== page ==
On my last map, numbering started at 0, and let me tell you, that was a really dumb idea


I don’t know what all of the stuff on the map means yet. A big part of my process is putting down hexes that I think look cool and then thinking of things to put in them. I’ll try to blog about that process here. Arnold has some good words about the deep comfort of mapmaking.

I used Hex Kit to make this; it’s $15 for the program itself and a little more money for the pretty colored hexes. I recommend it. If you’re strapped for cash, I recommend Hexographer, which is clunkier and not as pretty but perfectly functional.

The seed of this campaign: “Joan of Arc and Doomguy
team up to kick ass.” (Courtesy of Dan at Throne of Salt)

DOOT (by Storm Wolf

Monday, April 29, 2019

A Conduit for Poor Decisions (GLOG Wizard Foundation Class)

Unquestionably a GLOG Wizard. The skull is probably a familiar. (Darkest Dungeon: still cool)

So, GLOG people like Wizards. Here’s my basic template for them, rounding out my Primary Class Trio. It’s adapted primarily from this Coins and Scrolls Class.


For every Wizard template you have, gain 1 Mana Dice (MD).

A: Wizard Features, School Features, +2 Spells Known (1-6)
B: Spell Breeding, Call Familiar, +1 Spell Known (1-8)
C: Wizard Vision, +1 Spell Known (1-10)
D: Arcane Communion, +1 Spell Known (1-10)

Wizard Features

Mana Dice (MD)
You get 1 per Wizard template. They are d6s. Whenever you cast a spell, you choose how many MD to invest into it (minimum 1). The result of the spell depends on the number of [dice] and their [sum]. If a MD rolls a 1-3, it returns to your pool to be used again. Otherwise, you lose it until you get a night of sleep. You can’t cast without MD.

They’re stored either in your mind or on scrolls/spellbooks, in “Spell Slots.” Spells stored on scrolls/spellbooks can be cast once per day. Spells stored in your mind can be cast as many times per day as you want. You can move spells between your mind and your spellbook every morning. There are two ways to acquire spells: levelling up, and stealing them from the spellbooks of other wizards.

+Spells Known
Every time you gain a Wizard template, you gain a new Mind Spell Slot and a new Spell, rolled randomly on your school list (more on that later). You start out with two Mind Spell Slots and two Spells.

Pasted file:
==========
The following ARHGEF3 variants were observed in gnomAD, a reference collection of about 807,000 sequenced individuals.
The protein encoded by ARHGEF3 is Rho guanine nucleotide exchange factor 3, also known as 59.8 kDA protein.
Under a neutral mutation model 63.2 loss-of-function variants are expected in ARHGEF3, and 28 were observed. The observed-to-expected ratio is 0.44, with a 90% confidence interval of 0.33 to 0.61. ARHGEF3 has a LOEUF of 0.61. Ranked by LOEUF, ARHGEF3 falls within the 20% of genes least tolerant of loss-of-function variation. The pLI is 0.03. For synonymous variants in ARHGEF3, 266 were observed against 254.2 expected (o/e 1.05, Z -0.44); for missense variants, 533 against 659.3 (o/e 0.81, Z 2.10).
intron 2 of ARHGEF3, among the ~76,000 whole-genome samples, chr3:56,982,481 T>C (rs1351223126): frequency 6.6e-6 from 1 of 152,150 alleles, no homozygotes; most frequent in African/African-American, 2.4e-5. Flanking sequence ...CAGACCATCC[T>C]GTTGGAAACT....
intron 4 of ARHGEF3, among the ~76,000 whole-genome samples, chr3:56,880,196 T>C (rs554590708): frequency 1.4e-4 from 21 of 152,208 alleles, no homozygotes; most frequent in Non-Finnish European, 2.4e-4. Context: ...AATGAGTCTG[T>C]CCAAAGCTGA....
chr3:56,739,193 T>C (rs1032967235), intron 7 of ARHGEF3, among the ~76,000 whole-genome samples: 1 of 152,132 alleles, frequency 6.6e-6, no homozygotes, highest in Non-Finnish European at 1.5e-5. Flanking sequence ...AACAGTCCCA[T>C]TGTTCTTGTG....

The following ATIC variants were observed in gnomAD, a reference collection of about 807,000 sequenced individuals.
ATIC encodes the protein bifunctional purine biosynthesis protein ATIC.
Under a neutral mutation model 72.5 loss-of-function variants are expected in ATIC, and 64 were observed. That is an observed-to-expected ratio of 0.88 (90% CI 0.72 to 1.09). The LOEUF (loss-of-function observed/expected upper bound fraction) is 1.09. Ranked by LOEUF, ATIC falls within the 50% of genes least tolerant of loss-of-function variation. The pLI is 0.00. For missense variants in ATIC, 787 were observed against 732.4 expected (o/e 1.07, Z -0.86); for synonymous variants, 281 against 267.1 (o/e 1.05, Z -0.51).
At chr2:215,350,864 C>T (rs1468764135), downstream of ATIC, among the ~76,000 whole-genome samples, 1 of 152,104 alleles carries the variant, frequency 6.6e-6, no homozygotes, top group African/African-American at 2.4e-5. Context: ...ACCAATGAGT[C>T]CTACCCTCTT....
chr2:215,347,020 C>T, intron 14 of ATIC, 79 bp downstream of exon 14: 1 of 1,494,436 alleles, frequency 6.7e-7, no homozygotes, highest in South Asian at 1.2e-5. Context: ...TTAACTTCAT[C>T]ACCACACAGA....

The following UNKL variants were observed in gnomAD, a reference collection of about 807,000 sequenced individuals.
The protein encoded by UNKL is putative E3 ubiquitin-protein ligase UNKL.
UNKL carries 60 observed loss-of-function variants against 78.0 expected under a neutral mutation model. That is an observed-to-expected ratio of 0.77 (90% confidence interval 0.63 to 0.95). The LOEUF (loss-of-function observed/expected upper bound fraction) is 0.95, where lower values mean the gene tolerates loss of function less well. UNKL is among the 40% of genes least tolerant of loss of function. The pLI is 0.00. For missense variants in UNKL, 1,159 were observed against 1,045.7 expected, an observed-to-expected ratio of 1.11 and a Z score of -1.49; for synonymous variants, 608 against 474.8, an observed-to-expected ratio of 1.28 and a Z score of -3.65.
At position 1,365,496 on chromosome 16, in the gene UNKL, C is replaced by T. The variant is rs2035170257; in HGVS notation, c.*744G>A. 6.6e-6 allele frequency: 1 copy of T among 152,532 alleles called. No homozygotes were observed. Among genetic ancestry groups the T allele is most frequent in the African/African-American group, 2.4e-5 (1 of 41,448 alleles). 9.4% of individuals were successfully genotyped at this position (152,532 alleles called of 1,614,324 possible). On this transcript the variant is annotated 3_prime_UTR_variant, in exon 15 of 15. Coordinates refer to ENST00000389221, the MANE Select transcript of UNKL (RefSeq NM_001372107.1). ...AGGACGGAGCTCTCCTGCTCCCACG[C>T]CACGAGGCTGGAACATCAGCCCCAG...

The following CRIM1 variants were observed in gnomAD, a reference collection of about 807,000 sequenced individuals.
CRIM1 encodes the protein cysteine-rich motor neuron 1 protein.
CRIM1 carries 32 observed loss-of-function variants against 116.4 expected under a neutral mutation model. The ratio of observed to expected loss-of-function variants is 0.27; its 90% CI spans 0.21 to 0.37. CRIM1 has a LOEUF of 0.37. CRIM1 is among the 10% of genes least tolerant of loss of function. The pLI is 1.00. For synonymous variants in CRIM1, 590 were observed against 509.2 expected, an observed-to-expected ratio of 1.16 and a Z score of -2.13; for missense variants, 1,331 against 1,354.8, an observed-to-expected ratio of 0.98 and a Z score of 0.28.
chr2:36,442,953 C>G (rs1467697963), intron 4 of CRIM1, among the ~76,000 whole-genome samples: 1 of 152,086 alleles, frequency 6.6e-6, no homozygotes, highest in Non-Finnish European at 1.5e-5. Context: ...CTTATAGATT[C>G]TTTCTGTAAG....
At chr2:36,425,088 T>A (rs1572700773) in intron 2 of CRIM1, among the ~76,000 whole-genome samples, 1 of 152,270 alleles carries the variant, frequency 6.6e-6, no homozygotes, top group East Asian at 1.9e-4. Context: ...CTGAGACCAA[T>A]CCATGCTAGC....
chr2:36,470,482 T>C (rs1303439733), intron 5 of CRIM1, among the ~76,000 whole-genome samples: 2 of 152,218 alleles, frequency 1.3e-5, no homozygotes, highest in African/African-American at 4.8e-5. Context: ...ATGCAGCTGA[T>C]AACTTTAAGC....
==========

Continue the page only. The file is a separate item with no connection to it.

By licking an object, you can tell whether or not it is magical.

School Features

Spell List
Every Wizard School has a list of 11+ spells associated with it. You roll randomly for them each time you take a Wizard template: 1d6 for the A template, 1d8 for B, and 1d10 for C and D. Later spells are Emblem spells that you must quest for.

A passive bonus/penalty.

Minor magical abilities you can use as often as you like.

Mishaps occur when you roll doubles on your MD. They’re potentially dangerous magic accidents. Dooms occur when you roll triples. There are three, and they occur in order. They will end your wizardly career or kill you if you don’t quest to avoid your Doom.

Level 2+ Features

Spell Breeding
With a night of work, you can breed (destroy) two spells you know or have on scrolls to learn a new spell, rolled randomly from your school spell list.

Call Familiar
You may call to a familiar, a magical spirit. The familiar will appear in 1d20 hours. You must then bargain with it for its service. They like ambition and valuable sacrifices. Roll under INT (bonus/penalty depending on bargaining); if it fails, no familiar will ever appear for you in this location again, but if it succeeds, the familiar agrees to a mutually binding magical contract. Your familiar will serve you to your last drop of ambition.

Familiars can provide a Service once/day. For each Service, you owe the familiar one Favor. They can be pretty nasty tasks, but failing to fulfill them incurs a Breach of Covenant, which are nasty for you. Everything else dealing with familiars is GM-facing. You are not required to call a familiar.